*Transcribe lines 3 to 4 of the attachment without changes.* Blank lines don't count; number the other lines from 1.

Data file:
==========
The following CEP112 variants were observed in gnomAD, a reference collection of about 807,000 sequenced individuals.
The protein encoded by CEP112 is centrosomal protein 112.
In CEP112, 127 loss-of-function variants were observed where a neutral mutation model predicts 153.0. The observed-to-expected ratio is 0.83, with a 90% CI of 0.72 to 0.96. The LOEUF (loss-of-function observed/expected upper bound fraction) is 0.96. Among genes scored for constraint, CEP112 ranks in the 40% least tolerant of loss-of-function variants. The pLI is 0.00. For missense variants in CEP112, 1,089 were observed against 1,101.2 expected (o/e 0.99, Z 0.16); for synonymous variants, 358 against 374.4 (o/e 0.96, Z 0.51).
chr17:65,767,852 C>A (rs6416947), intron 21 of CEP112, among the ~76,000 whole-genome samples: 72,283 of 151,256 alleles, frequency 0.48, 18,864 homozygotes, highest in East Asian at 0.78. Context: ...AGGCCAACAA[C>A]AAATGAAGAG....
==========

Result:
In CEP112, 127 loss-of-function variants were observed where a neutral mutation model predicts 153.0. The observed-to-expected ratio is 0.83, with a 90% CI of 0.72 to 0.96. The LOEUF (loss-of-function observed/expected upper bound fraction) is 0.96. Among genes scored for constraint, CEP112 ranks in the 40% least tolerant of loss-of-function variants. The pLI is 0.00. For missense variants in CEP112, 1,089 were observed against 1,101.2 expected (o/e 0.99, Z 0.16); for synonymous variants, 358 against 374.4 (o/e 0.96, Z 0.51).
chr17:65,767,852 C>A (rs6416947), intron 21 of CEP112, among the ~76,000 whole-genome samples: 72,283 of 151,256 alleles, frequency 0.48, 18,864 homozygotes, highest in East Asian at 0.78. Context: ...AGGCCAACAA[C>A]AAATGAAGAG....